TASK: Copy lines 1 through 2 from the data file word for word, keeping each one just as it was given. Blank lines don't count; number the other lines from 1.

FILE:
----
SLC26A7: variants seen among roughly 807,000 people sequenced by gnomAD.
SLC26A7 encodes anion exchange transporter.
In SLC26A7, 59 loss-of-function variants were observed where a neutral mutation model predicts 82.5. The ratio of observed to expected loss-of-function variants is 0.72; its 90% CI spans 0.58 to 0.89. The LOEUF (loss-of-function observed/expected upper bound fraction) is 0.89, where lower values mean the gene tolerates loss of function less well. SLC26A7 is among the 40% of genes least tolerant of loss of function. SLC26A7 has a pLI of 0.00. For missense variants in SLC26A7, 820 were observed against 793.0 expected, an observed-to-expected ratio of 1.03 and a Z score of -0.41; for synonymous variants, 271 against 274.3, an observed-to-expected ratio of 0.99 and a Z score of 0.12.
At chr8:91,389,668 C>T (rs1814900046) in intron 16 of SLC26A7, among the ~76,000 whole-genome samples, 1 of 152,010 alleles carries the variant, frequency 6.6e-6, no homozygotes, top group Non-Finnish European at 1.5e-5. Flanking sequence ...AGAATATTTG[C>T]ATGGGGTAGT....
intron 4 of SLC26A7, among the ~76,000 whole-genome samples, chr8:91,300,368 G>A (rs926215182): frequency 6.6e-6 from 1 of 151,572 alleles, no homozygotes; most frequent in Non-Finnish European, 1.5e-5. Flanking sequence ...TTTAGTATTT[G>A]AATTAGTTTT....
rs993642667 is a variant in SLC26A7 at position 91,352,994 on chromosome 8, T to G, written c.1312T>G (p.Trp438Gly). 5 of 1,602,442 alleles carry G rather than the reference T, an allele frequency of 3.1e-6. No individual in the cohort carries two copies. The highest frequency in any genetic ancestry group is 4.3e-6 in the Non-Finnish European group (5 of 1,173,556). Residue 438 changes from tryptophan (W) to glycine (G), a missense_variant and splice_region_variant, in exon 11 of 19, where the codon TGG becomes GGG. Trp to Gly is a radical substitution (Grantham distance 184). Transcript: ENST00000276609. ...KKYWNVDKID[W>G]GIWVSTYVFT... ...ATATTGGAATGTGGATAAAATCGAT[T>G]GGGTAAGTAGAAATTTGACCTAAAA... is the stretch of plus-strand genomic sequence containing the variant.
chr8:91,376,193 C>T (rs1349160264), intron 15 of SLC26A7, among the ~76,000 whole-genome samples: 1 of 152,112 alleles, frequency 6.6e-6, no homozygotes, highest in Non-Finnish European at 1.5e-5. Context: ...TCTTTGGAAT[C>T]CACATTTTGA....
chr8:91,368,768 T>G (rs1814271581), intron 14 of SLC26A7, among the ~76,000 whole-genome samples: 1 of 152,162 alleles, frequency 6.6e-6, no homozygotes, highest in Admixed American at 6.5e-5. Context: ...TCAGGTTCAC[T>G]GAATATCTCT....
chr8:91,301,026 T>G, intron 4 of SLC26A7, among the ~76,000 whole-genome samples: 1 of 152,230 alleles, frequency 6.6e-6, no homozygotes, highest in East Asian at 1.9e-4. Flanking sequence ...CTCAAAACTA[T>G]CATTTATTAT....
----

SLC26A7: variants seen among roughly 807,000 people sequenced by gnomAD.
SLC26A7 encodes anion exchange transporter.